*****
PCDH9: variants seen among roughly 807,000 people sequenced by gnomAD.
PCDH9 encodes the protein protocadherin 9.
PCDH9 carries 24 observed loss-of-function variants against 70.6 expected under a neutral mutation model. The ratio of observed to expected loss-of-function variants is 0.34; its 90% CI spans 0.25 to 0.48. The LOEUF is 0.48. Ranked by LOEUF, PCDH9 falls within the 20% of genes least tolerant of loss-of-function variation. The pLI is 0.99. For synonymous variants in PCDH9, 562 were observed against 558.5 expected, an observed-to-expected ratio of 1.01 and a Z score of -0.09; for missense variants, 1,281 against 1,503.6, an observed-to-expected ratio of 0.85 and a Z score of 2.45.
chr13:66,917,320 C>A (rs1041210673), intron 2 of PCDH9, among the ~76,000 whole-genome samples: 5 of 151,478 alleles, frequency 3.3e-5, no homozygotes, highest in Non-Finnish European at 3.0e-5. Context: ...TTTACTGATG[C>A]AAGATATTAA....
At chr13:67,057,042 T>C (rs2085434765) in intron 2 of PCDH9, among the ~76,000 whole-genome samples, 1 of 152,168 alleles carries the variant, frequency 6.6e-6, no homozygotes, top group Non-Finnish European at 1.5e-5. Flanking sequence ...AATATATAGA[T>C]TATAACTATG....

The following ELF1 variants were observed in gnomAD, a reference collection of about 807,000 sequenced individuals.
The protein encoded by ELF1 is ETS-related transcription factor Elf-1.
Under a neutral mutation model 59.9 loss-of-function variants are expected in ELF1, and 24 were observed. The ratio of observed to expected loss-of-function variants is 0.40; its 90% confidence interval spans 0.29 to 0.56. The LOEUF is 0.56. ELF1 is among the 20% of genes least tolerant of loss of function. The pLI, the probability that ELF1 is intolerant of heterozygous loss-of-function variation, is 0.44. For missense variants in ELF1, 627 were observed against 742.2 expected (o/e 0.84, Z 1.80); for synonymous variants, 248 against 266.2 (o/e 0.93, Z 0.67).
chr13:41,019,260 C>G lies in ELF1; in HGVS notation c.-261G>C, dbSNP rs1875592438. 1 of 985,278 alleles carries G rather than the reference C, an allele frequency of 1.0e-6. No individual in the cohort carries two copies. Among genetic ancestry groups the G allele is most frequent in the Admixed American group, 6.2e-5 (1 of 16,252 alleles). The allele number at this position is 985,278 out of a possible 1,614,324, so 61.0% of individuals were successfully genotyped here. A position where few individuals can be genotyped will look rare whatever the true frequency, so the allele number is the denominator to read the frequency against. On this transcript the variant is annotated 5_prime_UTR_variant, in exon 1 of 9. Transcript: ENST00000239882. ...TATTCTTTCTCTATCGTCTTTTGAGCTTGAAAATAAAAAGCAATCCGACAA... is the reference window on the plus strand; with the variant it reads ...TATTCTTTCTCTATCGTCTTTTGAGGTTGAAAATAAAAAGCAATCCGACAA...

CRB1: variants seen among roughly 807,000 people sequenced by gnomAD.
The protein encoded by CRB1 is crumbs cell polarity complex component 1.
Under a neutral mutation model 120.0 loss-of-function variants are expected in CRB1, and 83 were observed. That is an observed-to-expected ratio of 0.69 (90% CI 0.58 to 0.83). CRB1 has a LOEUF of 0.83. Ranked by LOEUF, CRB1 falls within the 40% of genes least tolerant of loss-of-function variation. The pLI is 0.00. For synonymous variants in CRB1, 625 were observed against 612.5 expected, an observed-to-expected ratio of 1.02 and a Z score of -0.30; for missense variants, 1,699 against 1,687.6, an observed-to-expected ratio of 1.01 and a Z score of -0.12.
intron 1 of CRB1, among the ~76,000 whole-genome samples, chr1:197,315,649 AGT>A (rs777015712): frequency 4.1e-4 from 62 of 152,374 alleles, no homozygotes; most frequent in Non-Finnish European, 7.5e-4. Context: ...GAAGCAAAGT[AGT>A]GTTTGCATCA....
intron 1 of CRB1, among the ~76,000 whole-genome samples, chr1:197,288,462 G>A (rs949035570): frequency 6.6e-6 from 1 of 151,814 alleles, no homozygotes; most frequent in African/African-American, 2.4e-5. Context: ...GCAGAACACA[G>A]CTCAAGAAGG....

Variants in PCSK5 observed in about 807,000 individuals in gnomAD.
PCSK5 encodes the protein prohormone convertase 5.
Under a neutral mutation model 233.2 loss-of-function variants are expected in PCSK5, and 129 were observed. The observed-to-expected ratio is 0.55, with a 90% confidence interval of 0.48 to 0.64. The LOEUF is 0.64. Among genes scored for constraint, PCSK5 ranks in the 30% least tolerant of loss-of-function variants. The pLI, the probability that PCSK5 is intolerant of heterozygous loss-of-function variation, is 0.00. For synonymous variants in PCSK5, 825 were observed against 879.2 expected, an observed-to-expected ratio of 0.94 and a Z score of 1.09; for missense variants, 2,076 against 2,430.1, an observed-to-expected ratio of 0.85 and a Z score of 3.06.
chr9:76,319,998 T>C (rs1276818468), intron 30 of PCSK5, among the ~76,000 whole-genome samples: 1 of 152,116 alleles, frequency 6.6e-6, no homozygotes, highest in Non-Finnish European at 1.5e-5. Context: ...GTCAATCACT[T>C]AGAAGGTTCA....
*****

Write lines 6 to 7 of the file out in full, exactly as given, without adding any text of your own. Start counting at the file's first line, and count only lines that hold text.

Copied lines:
The following ELF1 variants were observed in gnomAD, a reference collection of about 807,000 sequenced individuals.
The protein encoded by ELF1 is ETS-related transcription factor Elf-1.